The only thing in nature, in the Grand River watershed, where we reside, that has that particular colour is a robin’s egg. Our human eyes don’t know that colour well. They don’t have to know much in that end of the colour spectrum. Our human eyes are trained, to see green, and to know green, all shades of green, innately. It is where stone-age survival mostly happened, and that power still pulses in us, as instinct, the power to see and discern, greens. Not baby blue. In Spring though, after the fluffy awkward robin chicks have fledged, you might have been lucky to spy two blue empty halves of an egg on the emerald grass under a tree.

Look up: there's the nest!

But now, in the Spring of 2021, our eyes spy that shade of robin’s eye blue everywhere: wedged into chain-link fencing, half-buried in pea gravel in a recently re-opened playground, in every ditch, on every sidewalk, rolling like a puny sad kite across Super Store parking lots. Drowned in puddles and rivers, still bright and cheery blue, floating face up or face down. A robin’s eye blue accordion bulging out over the chin and nose of the humans who are walking along that chain link, playing in said pea-gravel, emerging from said Super Store, ripping it off and tossingit out the window, into the ditch, muddied underfoot, eventually washing into the Eramosa river, into the veins of the watershed.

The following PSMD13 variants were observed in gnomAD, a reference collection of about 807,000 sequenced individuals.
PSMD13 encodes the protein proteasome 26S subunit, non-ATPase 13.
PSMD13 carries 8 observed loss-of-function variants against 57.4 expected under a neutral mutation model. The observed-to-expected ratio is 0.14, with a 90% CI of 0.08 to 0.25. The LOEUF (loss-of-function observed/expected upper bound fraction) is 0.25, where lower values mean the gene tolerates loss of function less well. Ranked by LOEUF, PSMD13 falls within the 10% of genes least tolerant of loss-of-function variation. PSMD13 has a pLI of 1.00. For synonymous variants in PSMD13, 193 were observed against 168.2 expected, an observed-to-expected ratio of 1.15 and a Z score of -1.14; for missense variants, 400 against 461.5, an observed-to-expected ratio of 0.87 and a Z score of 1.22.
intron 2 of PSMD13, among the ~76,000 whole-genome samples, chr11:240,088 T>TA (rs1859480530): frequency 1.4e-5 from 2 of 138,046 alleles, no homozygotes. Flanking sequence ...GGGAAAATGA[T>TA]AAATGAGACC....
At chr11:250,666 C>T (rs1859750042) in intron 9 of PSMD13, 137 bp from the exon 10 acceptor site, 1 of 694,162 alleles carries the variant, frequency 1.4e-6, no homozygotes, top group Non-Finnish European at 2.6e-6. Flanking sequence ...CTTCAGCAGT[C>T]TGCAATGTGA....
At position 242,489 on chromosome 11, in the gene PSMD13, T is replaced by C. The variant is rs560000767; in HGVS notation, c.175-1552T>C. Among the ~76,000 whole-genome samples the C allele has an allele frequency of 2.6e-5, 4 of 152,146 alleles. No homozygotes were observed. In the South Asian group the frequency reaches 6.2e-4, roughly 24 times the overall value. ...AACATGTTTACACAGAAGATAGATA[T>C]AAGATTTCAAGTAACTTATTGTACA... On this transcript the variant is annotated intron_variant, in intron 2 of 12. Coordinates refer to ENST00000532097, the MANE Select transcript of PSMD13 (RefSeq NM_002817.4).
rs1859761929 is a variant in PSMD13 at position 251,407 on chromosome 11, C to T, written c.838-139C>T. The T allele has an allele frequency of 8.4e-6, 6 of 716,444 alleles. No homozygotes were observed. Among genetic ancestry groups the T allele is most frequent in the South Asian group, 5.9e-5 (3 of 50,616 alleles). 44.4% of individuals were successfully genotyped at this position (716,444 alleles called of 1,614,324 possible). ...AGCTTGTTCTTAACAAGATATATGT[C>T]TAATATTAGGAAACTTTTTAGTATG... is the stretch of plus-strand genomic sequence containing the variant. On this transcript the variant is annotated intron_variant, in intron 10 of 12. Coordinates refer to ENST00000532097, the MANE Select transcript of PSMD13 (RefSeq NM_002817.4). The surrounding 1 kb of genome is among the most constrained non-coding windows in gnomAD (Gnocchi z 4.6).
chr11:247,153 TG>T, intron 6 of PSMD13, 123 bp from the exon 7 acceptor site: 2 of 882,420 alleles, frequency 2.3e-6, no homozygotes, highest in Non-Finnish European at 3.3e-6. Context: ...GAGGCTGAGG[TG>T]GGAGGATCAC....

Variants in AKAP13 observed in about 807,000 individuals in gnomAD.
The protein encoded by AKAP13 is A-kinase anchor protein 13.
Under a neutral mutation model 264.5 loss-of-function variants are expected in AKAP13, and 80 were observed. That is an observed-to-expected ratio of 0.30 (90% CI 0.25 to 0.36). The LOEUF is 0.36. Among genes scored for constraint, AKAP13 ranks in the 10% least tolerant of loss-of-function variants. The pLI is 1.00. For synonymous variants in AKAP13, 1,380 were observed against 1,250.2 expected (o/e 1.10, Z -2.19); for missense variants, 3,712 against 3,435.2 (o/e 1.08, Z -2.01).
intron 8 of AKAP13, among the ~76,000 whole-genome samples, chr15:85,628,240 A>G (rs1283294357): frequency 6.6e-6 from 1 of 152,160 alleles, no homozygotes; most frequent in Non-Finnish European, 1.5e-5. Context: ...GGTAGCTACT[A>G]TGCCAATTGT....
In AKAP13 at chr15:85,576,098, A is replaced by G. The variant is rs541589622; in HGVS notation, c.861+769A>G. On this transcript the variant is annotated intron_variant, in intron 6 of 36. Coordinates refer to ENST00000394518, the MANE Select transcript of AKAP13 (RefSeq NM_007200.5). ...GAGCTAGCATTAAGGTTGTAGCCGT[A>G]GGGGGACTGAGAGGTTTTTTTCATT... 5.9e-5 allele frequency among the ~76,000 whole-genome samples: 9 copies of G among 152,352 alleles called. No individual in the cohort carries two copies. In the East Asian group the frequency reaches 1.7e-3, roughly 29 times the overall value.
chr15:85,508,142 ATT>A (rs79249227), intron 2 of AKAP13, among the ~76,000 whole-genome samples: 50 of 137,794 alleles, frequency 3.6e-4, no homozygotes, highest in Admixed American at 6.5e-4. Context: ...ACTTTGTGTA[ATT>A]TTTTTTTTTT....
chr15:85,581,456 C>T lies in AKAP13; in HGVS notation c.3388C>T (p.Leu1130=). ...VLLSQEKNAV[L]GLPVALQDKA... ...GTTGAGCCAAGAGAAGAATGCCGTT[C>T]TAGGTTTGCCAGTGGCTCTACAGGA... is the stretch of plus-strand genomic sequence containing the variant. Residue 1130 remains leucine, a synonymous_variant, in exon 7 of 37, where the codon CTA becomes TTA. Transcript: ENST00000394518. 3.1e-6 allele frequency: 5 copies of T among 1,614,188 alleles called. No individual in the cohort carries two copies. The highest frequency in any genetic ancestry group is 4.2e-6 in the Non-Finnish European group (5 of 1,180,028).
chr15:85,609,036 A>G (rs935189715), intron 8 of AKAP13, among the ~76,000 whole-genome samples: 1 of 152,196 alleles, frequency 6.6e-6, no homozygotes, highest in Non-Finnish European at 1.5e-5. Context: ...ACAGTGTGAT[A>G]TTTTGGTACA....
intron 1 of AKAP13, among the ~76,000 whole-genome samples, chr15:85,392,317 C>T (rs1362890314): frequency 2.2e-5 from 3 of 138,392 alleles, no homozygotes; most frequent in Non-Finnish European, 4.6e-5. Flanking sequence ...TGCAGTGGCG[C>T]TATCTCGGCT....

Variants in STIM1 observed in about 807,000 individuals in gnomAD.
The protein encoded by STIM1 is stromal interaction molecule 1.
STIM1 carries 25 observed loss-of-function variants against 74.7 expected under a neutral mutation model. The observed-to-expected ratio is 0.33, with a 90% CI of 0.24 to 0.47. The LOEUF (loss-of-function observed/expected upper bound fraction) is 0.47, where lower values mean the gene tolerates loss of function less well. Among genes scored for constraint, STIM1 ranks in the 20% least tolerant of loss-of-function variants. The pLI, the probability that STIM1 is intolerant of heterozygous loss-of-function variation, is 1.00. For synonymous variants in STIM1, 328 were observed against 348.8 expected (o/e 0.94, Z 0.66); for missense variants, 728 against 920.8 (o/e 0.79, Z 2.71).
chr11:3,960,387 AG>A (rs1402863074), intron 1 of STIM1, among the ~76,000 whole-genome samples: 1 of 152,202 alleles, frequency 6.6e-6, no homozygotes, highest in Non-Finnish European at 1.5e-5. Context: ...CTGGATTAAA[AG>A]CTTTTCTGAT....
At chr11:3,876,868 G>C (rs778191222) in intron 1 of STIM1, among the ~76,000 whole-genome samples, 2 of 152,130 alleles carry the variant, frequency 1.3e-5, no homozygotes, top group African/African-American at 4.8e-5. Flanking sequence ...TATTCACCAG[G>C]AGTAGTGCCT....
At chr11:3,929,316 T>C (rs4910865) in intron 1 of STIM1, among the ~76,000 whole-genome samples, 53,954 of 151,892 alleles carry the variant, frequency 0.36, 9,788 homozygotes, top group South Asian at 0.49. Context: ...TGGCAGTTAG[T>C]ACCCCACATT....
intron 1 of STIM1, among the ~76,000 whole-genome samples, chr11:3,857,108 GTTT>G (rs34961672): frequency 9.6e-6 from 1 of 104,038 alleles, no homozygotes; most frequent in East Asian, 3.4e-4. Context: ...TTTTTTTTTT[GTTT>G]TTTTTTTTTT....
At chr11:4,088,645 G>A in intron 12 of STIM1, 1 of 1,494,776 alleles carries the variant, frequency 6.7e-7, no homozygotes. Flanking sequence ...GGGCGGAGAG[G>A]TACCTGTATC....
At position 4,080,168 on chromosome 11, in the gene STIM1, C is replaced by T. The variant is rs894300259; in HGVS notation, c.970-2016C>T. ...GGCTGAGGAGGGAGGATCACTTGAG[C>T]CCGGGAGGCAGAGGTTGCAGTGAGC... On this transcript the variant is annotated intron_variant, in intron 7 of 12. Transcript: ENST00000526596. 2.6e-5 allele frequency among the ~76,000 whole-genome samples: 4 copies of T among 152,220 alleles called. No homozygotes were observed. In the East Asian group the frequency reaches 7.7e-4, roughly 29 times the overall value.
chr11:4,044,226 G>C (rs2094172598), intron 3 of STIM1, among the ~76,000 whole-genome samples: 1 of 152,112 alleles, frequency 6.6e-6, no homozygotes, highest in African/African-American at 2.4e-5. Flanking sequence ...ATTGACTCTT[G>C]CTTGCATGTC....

Boxes of 50

9.99$ at Staples

Soft earstraps

Cellulose inner facing

Class 1 Flame spread